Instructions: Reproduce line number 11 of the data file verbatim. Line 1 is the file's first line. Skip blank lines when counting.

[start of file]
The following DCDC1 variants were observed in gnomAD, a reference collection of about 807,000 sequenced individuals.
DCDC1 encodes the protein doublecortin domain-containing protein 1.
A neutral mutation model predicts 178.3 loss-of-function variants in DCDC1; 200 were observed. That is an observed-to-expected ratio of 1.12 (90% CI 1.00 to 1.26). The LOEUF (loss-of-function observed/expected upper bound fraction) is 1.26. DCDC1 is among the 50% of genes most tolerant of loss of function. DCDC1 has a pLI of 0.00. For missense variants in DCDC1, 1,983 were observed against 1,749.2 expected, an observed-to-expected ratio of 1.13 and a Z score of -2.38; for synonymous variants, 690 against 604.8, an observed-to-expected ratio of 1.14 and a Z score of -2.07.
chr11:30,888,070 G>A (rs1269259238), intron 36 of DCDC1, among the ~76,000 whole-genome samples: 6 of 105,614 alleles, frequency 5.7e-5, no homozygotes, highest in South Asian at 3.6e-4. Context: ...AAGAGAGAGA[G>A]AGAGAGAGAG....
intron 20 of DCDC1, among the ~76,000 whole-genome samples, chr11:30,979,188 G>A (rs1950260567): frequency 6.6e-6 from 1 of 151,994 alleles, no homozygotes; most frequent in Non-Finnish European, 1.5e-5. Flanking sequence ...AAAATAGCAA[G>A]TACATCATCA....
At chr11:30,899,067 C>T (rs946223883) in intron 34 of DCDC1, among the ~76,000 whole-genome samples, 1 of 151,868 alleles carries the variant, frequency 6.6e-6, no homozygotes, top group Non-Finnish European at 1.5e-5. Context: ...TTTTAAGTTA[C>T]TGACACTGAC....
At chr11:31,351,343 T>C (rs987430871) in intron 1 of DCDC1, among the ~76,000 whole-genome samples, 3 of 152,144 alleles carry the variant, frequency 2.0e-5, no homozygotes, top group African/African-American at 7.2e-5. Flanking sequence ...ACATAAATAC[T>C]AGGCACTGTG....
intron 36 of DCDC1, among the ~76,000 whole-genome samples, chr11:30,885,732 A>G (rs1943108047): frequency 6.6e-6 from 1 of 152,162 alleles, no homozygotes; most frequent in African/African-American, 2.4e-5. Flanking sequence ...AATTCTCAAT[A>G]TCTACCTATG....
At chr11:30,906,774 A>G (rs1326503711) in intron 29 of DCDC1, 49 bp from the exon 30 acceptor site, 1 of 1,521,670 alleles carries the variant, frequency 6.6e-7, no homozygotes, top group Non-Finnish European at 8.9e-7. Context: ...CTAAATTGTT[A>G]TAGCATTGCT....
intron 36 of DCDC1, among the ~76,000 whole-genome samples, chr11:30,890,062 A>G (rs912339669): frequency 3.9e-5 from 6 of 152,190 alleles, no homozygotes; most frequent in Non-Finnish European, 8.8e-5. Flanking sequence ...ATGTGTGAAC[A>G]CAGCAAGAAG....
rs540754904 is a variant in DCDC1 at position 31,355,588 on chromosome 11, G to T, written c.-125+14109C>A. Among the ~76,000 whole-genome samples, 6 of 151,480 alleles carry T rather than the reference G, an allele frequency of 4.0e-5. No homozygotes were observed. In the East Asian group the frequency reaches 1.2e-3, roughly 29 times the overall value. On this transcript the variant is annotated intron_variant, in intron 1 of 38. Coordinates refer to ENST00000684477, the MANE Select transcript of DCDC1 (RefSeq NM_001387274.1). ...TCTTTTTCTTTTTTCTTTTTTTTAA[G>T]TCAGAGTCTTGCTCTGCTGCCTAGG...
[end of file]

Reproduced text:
rs540754904 is a variant in DCDC1 at position 31,355,588 on chromosome 11, G to T, written c.-125+14109C>A. Among the ~76,000 whole-genome samples, 6 of 151,480 alleles carry T rather than the reference G, an allele frequency of 4.0e-5. No homozygotes were observed. In the East Asian group the frequency reaches 1.2e-3, roughly 29 times the overall value. On this transcript the variant is annotated intron_variant, in intron 1 of 38. Coordinates refer to ENST00000684477, the MANE Select transcript of DCDC1 (RefSeq NM_001387274.1). ...TCTTTTTCTTTTTTCTTTTTTTTAA[G>T]TCAGAGTCTTGCTCTGCTGCCTAGG...